Lydia Ko, in 2015 after two long years as a professional, finally got the monkey off her back when, at 17, she became the youngest player of either gender to win her first major. Now the question is, can the 18-year-old wunderkind chalk up her second consecutive elite title as the first major of the 2016 golf season, the ANA Inspiration, kicks off.
If momentum and confidence have anything to do with it, the rest of the field at Mission Hills is in trouble.
"Last week was probably the most solid I've hit to what I can remember. But in saying that I can't remember what I had for breakfast this morning, so there goes my memory," Ko told reporters on Tuesday about her four-shot win at the Kia Classic, the final tuneup for the ANA. "I played and I thought I hit the ball really solid last week. So even with a driver or if I was in a tough condition I still felt like I could get towards the pin and give myself a good opportunity."
Ko’s road to the erstwhile Dinah Shore/Kraft Nabisco may include just that one tour victory, but she’s captured three additional top-10 finishes in five starts and defended her New Zealand Women’s Open title in February. The Kia was her 11th career tour win, which firmly secured her hold on the world No. 1 ranking and put the bullseye squarely on her back this week.
For sure, a pair of former No. 1s had Lydia on the mind during a recent practice round.
Stacy Lewis recounted a recent conversation she had with 2010 ANA titleholder (along with four other majors) Yani Tseng.
"We played nine holes together," 2011 ANA champ Stacy Lewis recalled for reporters on Wednesday. "And she's like, ‘Can I ask you a serious question?’ And I said, ‘Sure.’
"She said, ‘Why is Lydia so good?’"
When this happens..and you still win by four shots. Lydia Ko now has 11 wins on Tour. She turns 19 next month MT pic.twitter.com/8S8m8cAu6k— Lady Golfer Magazine (@LadyGolferMag) March 29, 2016
It’s a question the best in the world are likely asking themselves as they prepare for Thursday’s opening round. Lewis believes it’s because Ko is in the zone that she and Tseng have been in — the one "where you can do no wrong, and if you miss a shot you're like, 'Oh, okay, I can go get that up-and-down,'" Lewis said.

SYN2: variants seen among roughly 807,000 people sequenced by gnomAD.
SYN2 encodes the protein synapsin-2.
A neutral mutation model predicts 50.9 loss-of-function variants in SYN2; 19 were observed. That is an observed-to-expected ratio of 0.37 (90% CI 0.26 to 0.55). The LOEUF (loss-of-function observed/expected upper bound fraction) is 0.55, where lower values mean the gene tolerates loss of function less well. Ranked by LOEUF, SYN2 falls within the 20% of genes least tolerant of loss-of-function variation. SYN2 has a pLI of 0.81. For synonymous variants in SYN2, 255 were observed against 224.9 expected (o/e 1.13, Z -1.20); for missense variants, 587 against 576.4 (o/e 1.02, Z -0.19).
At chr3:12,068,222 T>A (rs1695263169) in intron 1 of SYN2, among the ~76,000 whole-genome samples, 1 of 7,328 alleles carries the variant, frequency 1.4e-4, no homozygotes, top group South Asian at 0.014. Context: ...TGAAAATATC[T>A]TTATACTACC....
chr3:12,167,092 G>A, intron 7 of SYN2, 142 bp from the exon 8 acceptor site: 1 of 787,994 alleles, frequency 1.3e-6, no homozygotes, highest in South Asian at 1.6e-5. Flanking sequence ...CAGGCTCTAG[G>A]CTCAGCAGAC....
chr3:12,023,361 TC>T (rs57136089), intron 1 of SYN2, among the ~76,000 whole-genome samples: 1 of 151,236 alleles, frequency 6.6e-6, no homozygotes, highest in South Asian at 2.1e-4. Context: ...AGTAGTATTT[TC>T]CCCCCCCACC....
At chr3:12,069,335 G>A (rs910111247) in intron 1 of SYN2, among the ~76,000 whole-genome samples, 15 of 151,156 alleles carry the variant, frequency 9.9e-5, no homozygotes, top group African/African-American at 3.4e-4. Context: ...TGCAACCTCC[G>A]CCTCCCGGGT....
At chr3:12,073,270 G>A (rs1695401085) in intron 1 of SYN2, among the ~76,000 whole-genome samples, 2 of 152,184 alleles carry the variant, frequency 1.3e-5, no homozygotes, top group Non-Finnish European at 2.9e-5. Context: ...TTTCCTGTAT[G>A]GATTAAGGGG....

"You just have a lot of players that are so young that are in that mindset that they're not scared. They're not afraid of hitting a bad shot," she added. "They’re fine trying to drive it 280 down the fairway and they're okay if it's in the rough. You've got these fearless young kids that have changed the game and they've changed the way women play golf."
It was a sentiment that Ko unwittingly foreshadowed a day earlier.
"I thought I hit the ball really solid last week," Ko said. "So even with a driver or if I was in a tough condition I still felt like I could get towards the pin and give myself a good opportunity."
Now, it’s Ko’s opportunity to better her lackluster record at Rancho Mirage. Her best finish was a T25 in 2013 before she turned pro. She has taken a step backward each year since, posting T29 in 2014 and T51 last year.
With the pressure of that first major win off, Ko is just pleased to enter this week with no "youngest ever" or other marks to break.
"I was very fortunate and very special to win the last major of the year last season," she said. "I'm glad that especially coming into this week there is no, ‘Hey, you could break Annika's under-par record or you could break the youngest major record.’ I don't think there is any record … No statistics, please.
"That's one of the things I'm looking forward to this week," she said. "I’m just going to think of it as any other four-day event and just have fun out there and hopefully have some good golf."